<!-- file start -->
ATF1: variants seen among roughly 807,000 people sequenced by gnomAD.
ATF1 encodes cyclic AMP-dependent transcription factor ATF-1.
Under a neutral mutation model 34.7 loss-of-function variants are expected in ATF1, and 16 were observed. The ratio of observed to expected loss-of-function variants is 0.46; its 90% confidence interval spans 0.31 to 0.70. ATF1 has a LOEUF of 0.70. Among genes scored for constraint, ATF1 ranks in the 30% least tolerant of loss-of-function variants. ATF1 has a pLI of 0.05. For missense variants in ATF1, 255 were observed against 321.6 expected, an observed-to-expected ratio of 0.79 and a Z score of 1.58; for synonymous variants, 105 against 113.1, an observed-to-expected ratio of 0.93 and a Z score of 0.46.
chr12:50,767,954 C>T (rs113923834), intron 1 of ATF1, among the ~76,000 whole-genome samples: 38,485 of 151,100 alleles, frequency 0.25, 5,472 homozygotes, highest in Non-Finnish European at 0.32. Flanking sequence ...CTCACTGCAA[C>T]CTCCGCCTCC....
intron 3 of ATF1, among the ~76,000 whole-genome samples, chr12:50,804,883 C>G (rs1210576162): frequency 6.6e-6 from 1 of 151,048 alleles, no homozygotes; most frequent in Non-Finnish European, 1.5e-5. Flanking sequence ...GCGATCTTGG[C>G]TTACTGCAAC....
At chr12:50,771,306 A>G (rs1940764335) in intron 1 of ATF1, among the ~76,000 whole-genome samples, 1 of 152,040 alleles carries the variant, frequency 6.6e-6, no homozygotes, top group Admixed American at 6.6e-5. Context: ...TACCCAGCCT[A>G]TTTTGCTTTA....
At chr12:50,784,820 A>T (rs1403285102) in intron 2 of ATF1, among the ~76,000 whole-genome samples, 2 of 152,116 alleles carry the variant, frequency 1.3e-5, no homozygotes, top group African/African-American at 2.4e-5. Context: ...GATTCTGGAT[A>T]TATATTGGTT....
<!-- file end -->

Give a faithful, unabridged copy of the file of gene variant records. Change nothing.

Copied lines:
ATF1: variants seen among roughly 807,000 people sequenced by gnomAD.
ATF1 encodes cyclic AMP-dependent transcription factor ATF-1.
Under a neutral mutation model 34.7 loss-of-function variants are expected in ATF1, and 16 were observed. The ratio of observed to expected loss-of-function variants is 0.46; its 90% confidence interval spans 0.31 to 0.70. ATF1 has a LOEUF of 0.70. Among genes scored for constraint, ATF1 ranks in the 30% least tolerant of loss-of-function variants. ATF1 has a pLI of 0.05. For missense variants in ATF1, 255 were observed against 321.6 expected, an observed-to-expected ratio of 0.79 and a Z score of 1.58; for synonymous variants, 105 against 113.1, an observed-to-expected ratio of 0.93 and a Z score of 0.46.
chr12:50,767,954 C>T (rs113923834), intron 1 of ATF1, among the ~76,000 whole-genome samples: 38,485 of 151,100 alleles, frequency 0.25, 5,472 homozygotes, highest in Non-Finnish European at 0.32. Flanking sequence ...CTCACTGCAA[C>T]CTCCGCCTCC....
intron 3 of ATF1, among the ~76,000 whole-genome samples, chr12:50,804,883 C>G (rs1210576162): frequency 6.6e-6 from 1 of 151,048 alleles, no homozygotes; most frequent in Non-Finnish European, 1.5e-5. Flanking sequence ...GCGATCTTGG[C>G]TTACTGCAAC....
At chr12:50,771,306 A>G (rs1940764335) in intron 1 of ATF1, among the ~76,000 whole-genome samples, 1 of 152,040 alleles carries the variant, frequency 6.6e-6, no homozygotes, top group Admixed American at 6.6e-5. Context: ...TACCCAGCCT[A>G]TTTTGCTTTA....
At chr12:50,784,820 A>T (rs1403285102) in intron 2 of ATF1, among the ~76,000 whole-genome samples, 2 of 152,116 alleles carry the variant, frequency 1.3e-5, no homozygotes, top group African/African-American at 2.4e-5. Context: ...GATTCTGGAT[A>T]TATATTGGTT....